Does the phrase “functional CSS” mean nothing to you? Do you assume that any CSS that makes something look a certain way must be “functional?” Have you heard about things like CSS BEM or Tachyons, but never really understood what they meant in practice? This week we look at the concept of functional CSS, what it is, what the popular patterns are, and more. Beyond that, we look at why functional CSS exists, and why it’s popularity is increasing amid a need to solve a problem dealing with maintainable CSS. The more important question is: Is it time for us to throw out the “C” in CSS?
Before that, we start the show to talk for a few minutes and consider the future of FTP as a tool for web development. What do you think about it? Have we moved on from the usefulness of the protocol to other things? Check out the links below.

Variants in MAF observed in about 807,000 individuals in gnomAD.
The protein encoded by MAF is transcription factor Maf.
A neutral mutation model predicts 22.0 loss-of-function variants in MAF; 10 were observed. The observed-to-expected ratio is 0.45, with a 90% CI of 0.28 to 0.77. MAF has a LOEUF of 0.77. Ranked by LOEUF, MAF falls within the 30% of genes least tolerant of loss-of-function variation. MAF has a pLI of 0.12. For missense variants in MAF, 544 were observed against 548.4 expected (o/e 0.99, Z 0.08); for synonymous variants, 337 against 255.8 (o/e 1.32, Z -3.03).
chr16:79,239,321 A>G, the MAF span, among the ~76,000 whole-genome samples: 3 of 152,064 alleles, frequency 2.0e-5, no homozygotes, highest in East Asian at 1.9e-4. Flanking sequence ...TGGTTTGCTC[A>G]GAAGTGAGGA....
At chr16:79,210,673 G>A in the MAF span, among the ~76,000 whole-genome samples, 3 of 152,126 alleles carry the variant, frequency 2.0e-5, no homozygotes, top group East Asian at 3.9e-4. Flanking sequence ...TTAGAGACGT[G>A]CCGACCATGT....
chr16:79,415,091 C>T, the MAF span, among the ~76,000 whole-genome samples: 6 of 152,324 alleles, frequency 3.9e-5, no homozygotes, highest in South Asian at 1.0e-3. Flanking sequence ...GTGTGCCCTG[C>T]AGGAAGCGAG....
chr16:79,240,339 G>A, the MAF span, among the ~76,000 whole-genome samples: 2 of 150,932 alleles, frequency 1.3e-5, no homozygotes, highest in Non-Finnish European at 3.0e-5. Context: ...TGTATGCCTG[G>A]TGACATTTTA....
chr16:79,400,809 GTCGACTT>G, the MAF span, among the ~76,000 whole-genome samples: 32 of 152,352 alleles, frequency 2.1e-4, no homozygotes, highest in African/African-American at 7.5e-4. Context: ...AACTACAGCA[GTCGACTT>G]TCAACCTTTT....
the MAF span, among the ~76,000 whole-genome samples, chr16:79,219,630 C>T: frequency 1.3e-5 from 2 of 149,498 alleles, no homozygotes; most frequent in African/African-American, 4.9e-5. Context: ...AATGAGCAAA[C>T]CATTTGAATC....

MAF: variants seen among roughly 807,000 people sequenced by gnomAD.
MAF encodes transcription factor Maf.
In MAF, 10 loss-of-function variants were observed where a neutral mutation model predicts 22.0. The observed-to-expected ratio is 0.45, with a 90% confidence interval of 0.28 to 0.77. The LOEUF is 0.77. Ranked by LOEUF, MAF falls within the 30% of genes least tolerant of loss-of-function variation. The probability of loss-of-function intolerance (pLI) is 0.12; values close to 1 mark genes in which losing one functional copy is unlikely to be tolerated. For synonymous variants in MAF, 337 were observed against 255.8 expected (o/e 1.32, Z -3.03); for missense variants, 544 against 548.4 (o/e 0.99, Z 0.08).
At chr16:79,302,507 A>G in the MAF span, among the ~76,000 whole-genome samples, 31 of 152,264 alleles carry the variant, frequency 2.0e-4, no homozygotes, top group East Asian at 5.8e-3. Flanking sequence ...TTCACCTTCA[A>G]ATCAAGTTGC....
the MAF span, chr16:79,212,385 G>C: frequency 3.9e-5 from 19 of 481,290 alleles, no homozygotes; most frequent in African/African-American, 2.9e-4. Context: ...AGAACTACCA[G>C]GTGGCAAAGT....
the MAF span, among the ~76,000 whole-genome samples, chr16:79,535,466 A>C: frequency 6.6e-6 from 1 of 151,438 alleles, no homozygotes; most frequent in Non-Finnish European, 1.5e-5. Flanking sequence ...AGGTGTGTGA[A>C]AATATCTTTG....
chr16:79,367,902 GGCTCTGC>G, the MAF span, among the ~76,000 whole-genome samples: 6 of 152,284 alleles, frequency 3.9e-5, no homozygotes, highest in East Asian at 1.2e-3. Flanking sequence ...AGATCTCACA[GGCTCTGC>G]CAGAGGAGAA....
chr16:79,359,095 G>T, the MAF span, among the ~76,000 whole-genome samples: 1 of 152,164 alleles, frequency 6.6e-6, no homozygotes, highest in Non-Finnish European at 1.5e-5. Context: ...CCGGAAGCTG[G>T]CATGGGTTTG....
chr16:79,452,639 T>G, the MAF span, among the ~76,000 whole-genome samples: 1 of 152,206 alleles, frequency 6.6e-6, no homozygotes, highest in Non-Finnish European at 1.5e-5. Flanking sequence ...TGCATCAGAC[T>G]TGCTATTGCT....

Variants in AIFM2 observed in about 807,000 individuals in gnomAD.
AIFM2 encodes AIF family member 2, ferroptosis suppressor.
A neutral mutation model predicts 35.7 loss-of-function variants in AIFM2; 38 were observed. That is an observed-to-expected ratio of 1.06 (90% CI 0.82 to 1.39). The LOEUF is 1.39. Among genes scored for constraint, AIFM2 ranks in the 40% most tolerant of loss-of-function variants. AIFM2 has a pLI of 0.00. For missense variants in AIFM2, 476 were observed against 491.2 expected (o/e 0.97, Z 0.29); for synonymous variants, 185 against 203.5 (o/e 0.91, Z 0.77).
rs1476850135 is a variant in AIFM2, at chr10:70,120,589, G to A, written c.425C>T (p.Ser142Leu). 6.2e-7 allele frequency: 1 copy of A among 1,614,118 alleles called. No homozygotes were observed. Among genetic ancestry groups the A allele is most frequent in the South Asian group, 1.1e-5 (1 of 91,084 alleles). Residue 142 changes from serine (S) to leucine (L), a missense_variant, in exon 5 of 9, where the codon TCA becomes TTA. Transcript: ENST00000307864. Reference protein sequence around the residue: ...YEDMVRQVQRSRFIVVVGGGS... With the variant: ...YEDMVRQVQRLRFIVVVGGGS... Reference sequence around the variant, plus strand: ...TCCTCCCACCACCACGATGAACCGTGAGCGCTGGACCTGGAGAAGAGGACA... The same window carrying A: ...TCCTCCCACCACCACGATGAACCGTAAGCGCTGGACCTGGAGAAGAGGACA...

- As Crosscheck Moves to Secure Voter Data, Hacking Fears Grow Among Experts and Politicians
- Debian: Shutting down public FTP services
- FTP Is Dead. Long Live FTP!
- Top 5 Reasons Why FTP is Dead
- BEM 101
- A brief history of CSS until 2016
- Component Based Design System With Tachyons
- CSS Utility Classes and “Separation of Concerns”
- Functional CSS and Tachyons (The Changelog Episode #272)
- Pattern Lab
- The Sass and Compass tutorial for absolute beginners
- Takeaways from trying out Tachyons CSS after ages using BEM
- We Write CSS Like We Did in the 90s, and Yes, It’s Silly
- What are CSS Modules and why do we need them?
This episode of The Drunken UX Podcast brought to you by nuCloud.